Bali believes the quality of its tourists is declining – and may introduce tough new rules to clamp down on their bad behaviour.
The Indonesian island is a popular backpacker destination for Western travellers in search of hot weather, beautiful beaches, and spiritual temples. Now Bali authorities have had enough of tourists treating their holy sites disrespectfully by climbing them or posing for photos in swimwear, and are considering introducing restrictions to how these sacred areas are accessed.
“The quality of tourists is now different from before,” said Bali’s deputy governor Tjokorda Oka Artha Sukawati, known as Cok Ace. “It is because we are too open with tourists, so too many come.”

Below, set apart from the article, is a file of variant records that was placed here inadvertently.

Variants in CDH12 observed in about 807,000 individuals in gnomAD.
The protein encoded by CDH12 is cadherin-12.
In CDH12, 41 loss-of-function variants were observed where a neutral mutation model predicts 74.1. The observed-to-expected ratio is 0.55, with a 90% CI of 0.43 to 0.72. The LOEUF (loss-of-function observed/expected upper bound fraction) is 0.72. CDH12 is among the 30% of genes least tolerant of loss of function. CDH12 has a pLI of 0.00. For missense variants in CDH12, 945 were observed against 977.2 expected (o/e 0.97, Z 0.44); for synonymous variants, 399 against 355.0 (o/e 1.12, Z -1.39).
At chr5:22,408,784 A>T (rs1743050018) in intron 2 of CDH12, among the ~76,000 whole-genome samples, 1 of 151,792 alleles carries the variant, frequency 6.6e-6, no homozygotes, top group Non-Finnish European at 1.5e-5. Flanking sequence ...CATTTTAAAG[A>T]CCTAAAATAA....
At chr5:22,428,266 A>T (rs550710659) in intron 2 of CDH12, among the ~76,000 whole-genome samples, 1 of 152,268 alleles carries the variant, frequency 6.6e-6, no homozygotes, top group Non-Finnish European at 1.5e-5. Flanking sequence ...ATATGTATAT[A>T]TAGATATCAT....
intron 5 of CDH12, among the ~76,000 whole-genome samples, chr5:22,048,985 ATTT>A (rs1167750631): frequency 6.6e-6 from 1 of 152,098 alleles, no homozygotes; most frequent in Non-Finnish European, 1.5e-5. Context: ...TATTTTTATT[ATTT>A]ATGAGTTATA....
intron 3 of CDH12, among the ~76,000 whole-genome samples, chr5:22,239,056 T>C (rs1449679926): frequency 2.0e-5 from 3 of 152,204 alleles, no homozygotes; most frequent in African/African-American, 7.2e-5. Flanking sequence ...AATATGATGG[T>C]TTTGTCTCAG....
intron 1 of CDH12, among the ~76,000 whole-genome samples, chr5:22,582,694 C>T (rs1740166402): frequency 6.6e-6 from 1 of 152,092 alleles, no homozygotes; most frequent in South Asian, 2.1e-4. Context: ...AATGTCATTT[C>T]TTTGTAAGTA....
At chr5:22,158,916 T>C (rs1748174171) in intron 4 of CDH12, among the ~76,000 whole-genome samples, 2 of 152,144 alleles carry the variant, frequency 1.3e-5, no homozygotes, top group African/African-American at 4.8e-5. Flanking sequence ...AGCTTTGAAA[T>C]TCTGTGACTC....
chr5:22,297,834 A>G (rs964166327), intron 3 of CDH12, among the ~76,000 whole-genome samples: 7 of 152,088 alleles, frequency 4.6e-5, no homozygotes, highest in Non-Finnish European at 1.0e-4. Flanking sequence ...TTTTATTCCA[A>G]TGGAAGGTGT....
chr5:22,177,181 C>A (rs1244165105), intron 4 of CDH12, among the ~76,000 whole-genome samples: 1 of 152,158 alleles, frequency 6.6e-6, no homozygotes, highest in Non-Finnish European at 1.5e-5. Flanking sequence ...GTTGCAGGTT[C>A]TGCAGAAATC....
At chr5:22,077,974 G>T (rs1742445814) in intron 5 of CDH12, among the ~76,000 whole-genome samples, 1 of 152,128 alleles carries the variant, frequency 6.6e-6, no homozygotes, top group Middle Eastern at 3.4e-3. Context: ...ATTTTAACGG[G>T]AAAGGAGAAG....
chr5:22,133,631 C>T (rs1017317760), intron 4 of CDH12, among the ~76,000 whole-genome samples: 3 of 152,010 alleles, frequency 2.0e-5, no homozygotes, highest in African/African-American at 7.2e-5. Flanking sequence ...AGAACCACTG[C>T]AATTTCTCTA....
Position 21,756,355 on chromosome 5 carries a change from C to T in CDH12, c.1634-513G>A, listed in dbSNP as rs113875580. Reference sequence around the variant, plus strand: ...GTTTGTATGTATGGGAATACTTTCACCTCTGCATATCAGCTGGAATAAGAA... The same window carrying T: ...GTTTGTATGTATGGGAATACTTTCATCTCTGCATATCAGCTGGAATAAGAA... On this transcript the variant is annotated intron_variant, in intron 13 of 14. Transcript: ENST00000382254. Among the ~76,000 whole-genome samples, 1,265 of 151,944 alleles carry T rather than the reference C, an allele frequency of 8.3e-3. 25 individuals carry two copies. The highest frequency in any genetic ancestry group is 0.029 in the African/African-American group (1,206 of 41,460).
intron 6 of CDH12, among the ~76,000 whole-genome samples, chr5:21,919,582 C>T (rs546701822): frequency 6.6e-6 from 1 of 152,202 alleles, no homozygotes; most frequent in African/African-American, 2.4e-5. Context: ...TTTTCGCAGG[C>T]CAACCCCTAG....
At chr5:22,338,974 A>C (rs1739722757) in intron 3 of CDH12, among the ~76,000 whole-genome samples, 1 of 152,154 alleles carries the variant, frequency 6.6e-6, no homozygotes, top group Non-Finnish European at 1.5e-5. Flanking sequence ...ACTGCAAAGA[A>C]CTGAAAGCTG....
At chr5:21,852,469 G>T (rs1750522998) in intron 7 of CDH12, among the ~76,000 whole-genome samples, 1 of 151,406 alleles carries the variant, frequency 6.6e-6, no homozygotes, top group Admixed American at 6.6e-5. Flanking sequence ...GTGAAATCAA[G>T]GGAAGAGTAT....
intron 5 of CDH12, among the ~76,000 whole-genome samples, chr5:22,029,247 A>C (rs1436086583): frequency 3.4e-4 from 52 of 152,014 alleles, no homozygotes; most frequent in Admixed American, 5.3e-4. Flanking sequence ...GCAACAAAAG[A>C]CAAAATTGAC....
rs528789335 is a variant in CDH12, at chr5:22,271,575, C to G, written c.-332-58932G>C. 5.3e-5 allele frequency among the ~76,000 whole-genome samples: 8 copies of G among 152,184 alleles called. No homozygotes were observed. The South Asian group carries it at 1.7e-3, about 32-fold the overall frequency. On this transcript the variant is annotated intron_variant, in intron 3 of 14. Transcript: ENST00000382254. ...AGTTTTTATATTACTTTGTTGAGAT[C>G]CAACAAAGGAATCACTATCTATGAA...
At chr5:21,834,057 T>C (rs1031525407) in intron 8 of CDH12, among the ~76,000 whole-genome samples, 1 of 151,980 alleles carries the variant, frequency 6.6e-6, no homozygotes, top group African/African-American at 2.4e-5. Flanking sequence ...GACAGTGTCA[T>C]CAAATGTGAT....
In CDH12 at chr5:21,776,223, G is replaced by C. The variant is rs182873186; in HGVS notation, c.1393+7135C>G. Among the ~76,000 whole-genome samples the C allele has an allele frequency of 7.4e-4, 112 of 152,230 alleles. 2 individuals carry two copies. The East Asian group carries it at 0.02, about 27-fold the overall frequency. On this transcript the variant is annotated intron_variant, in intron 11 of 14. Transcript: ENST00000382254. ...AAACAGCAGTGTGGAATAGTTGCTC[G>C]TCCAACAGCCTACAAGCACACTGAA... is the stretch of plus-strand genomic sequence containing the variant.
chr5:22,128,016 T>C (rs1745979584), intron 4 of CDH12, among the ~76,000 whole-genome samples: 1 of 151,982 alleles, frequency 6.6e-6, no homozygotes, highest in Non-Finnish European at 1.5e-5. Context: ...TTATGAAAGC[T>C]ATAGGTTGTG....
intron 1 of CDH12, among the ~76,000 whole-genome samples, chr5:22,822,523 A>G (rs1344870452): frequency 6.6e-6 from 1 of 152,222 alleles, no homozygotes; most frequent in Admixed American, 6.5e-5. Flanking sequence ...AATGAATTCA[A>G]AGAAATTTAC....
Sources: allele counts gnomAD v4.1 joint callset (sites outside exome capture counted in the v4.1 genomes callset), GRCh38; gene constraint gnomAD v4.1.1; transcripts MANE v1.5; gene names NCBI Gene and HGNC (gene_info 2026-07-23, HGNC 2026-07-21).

Five million people visited Bali in 2017 – more than its native population of around 4.3 million.
The exact nature of the new rules being considered aren’t yet clear, but may include tourists no longer being allowed to visit Hindu temples unaccompanied.
“This is the government’s attempt to maintain the Pura (temples),” said Cok Ace. “The temples need to be preserved since they are the spirits of Bali’s cultures and customs.”
These comments come only a few weeks after a photo of a Danish tourist sitting on the holy Linggih Padmasana shrine at Puhur Luhur Batukaru temple caused national outrage in Indonesia, where blasphemy is illegal.
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There have been numerous similar incidences in the last two years, both in Indonesia and across South East Asia. In 2016, Cambodia imposed a strict code of conduct on visitors to the sacred Angkor Wat site after several tourists posed naked for photos there.
We will report further if new rules are introduced for visitors to Bali.